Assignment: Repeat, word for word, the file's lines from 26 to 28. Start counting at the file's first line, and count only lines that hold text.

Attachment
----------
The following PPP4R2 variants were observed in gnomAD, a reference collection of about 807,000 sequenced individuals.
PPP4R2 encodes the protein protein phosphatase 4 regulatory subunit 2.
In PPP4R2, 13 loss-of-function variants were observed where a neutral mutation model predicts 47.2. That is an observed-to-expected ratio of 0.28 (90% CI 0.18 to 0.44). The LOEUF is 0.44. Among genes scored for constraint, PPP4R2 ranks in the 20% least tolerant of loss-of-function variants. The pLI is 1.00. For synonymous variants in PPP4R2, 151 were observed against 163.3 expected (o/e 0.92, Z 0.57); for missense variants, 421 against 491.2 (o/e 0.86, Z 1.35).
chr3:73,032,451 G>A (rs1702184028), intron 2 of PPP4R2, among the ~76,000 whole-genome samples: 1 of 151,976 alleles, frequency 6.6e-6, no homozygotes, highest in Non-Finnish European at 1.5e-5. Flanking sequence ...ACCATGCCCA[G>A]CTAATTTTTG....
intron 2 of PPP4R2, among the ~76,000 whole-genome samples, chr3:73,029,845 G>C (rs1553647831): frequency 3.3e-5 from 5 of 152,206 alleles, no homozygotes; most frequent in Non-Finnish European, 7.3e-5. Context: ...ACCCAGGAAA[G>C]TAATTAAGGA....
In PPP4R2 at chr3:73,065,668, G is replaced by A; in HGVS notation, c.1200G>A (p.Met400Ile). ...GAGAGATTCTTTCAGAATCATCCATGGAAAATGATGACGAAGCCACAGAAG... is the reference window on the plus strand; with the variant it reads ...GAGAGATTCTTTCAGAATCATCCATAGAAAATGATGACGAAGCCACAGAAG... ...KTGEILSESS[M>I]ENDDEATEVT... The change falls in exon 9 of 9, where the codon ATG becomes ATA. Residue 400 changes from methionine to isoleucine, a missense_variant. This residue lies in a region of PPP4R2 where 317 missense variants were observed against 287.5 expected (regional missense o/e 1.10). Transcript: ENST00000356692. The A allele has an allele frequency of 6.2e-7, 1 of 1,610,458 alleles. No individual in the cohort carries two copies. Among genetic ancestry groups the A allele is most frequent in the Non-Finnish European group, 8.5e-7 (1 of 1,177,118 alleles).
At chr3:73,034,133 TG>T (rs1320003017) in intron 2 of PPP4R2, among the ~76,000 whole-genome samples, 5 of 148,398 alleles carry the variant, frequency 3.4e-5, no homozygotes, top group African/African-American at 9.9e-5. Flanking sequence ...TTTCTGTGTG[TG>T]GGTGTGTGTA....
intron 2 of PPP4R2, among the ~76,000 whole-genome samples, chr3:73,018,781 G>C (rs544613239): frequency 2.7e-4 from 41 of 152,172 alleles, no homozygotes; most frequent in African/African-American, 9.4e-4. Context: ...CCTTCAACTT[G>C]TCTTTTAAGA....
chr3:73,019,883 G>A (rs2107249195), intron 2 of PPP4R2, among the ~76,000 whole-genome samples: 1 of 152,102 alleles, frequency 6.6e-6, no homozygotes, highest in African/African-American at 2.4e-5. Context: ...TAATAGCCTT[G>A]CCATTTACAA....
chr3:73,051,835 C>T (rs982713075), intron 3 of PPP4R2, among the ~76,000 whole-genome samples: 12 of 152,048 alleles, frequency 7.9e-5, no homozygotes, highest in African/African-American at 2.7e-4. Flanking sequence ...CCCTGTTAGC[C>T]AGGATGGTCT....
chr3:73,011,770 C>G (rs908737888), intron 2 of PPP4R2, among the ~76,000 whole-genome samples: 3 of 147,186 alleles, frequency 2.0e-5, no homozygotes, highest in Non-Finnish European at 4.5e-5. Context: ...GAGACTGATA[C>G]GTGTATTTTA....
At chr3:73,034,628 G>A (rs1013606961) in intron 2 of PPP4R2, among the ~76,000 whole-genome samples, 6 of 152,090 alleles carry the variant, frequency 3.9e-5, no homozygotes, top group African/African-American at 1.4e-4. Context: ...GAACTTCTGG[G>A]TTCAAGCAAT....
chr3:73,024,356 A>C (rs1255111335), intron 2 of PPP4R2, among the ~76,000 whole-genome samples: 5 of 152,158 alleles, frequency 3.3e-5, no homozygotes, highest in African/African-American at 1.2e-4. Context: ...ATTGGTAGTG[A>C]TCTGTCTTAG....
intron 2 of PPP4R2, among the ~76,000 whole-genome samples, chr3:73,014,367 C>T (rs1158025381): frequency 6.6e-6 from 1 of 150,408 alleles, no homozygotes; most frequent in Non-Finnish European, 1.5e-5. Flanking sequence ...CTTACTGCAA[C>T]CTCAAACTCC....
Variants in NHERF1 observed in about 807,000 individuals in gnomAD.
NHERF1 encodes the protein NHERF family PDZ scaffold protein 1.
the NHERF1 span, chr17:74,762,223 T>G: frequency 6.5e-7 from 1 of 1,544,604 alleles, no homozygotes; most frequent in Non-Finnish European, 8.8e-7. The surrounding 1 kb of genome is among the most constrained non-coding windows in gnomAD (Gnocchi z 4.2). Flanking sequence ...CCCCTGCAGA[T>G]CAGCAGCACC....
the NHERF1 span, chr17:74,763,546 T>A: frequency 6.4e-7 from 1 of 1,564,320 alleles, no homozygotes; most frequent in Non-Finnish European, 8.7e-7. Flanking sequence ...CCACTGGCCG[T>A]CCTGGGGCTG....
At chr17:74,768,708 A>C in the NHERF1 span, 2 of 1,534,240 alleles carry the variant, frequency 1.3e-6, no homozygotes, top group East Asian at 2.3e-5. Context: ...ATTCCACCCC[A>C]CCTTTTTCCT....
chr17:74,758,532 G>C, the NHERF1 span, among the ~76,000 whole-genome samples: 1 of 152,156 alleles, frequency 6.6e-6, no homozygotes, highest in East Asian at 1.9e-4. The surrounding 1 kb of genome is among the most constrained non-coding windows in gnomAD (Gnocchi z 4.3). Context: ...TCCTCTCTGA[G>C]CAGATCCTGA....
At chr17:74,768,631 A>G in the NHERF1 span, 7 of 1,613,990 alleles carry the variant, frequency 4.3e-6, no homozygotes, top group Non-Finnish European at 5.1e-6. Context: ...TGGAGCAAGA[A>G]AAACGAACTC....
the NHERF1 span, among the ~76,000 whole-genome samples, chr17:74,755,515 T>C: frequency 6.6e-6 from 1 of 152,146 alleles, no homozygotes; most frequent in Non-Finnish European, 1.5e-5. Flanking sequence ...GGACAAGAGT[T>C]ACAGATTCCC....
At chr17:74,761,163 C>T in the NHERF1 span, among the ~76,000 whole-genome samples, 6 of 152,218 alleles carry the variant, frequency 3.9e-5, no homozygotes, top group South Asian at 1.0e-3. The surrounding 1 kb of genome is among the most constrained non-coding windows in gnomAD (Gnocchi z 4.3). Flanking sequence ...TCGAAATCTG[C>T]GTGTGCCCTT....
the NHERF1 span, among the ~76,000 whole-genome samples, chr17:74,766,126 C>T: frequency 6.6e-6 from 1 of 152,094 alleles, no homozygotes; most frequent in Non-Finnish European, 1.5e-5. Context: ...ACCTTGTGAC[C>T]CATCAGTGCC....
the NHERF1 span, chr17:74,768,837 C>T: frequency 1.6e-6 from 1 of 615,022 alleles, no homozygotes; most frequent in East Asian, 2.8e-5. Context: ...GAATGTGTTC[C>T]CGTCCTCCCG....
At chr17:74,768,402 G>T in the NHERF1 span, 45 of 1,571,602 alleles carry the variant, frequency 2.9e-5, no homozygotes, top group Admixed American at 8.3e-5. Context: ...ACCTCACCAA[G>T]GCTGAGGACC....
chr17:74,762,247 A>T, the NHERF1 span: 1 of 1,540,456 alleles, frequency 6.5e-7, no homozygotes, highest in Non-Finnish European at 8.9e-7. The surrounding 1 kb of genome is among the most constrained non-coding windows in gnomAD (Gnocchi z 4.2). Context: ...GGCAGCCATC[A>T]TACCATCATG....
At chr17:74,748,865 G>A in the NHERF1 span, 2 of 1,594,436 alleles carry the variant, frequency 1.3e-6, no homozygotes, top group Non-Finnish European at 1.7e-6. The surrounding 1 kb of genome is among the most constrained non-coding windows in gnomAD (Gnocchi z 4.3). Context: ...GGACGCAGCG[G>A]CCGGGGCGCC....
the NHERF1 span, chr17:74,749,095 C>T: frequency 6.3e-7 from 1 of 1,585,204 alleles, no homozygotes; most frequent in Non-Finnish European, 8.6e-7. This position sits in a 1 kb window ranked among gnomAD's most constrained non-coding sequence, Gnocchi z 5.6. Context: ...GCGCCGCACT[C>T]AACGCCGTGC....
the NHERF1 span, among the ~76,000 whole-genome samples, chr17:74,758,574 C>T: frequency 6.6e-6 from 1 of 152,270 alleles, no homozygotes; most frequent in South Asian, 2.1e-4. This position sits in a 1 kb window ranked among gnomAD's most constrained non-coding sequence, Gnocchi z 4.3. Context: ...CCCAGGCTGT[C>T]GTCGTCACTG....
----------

At chr17:74,768,402 G>T in the NHERF1 span, 45 of 1,571,602 alleles carry the variant, frequency 2.9e-5, no homozygotes, top group Admixed American at 8.3e-5. Context: ...ACCTCACCAA[G>T]GCTGAGGACC....
chr17:74,762,247 A>T, the NHERF1 span: 1 of 1,540,456 alleles, frequency 6.5e-7, no homozygotes, highest in Non-Finnish European at 8.9e-7. The surrounding 1 kb of genome is among the most constrained non-coding windows in gnomAD (Gnocchi z 4.2). Context: ...GGCAGCCATC[A>T]TACCATCATG....
At chr17:74,748,865 G>A in the NHERF1 span, 2 of 1,594,436 alleles carry the variant, frequency 1.3e-6, no homozygotes, top group Non-Finnish European at 1.7e-6. The surrounding 1 kb of genome is among the most constrained non-coding windows in gnomAD (Gnocchi z 4.3). Context: ...GGACGCAGCG[G>A]CCGGGGCGCC....